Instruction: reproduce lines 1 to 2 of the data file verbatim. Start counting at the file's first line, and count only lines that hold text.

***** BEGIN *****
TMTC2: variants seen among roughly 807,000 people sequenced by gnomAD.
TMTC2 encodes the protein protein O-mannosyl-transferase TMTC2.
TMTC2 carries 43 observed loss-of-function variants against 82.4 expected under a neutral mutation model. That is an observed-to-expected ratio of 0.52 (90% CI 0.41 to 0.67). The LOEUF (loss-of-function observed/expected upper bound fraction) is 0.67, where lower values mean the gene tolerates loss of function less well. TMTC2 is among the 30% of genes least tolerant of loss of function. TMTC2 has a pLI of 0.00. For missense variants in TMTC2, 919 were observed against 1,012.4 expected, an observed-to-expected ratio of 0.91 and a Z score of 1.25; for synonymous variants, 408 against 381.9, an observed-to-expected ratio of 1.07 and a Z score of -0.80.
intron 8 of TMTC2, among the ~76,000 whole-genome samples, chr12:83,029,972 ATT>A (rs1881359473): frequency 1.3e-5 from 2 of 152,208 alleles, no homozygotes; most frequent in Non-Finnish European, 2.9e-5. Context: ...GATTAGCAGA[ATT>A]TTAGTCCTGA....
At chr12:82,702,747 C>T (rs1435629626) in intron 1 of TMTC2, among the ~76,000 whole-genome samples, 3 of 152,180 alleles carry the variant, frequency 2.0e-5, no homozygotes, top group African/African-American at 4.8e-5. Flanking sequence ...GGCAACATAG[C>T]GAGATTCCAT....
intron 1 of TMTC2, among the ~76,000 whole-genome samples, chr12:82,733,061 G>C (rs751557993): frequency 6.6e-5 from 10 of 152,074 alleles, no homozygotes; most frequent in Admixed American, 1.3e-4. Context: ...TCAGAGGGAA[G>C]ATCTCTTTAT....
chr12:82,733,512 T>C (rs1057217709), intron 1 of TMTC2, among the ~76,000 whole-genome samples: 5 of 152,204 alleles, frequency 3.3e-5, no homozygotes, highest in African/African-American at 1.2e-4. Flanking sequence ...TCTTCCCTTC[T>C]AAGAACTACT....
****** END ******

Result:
TMTC2: variants seen among roughly 807,000 people sequenced by gnomAD.
TMTC2 encodes the protein protein O-mannosyl-transferase TMTC2.